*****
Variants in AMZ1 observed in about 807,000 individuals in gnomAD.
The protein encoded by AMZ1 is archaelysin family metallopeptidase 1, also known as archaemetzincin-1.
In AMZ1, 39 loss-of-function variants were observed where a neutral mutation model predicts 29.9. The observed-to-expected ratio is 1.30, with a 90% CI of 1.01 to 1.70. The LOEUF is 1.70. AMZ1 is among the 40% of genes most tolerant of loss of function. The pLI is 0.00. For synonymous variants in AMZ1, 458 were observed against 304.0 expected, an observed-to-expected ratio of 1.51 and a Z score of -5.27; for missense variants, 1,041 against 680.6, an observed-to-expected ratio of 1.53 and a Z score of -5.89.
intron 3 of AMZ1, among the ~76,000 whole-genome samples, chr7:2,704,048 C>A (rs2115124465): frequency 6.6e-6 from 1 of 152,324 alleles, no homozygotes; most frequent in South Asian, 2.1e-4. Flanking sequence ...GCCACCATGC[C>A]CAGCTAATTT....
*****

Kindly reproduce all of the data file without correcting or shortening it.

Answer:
Variants in AMZ1 observed in about 807,000 individuals in gnomAD.
The protein encoded by AMZ1 is archaelysin family metallopeptidase 1, also known as archaemetzincin-1.
In AMZ1, 39 loss-of-function variants were observed where a neutral mutation model predicts 29.9. The observed-to-expected ratio is 1.30, with a 90% CI of 1.01 to 1.70. The LOEUF is 1.70. AMZ1 is among the 40% of genes most tolerant of loss of function. The pLI is 0.00. For synonymous variants in AMZ1, 458 were observed against 304.0 expected, an observed-to-expected ratio of 1.51 and a Z score of -5.27; for missense variants, 1,041 against 680.6, an observed-to-expected ratio of 1.53 and a Z score of -5.89.
intron 3 of AMZ1, among the ~76,000 whole-genome samples, chr7:2,704,048 C>A (rs2115124465): frequency 6.6e-6 from 1 of 152,324 alleles, no homozygotes; most frequent in South Asian, 2.1e-4. Flanking sequence ...GCCACCATGC[C>A]CAGCTAATTT....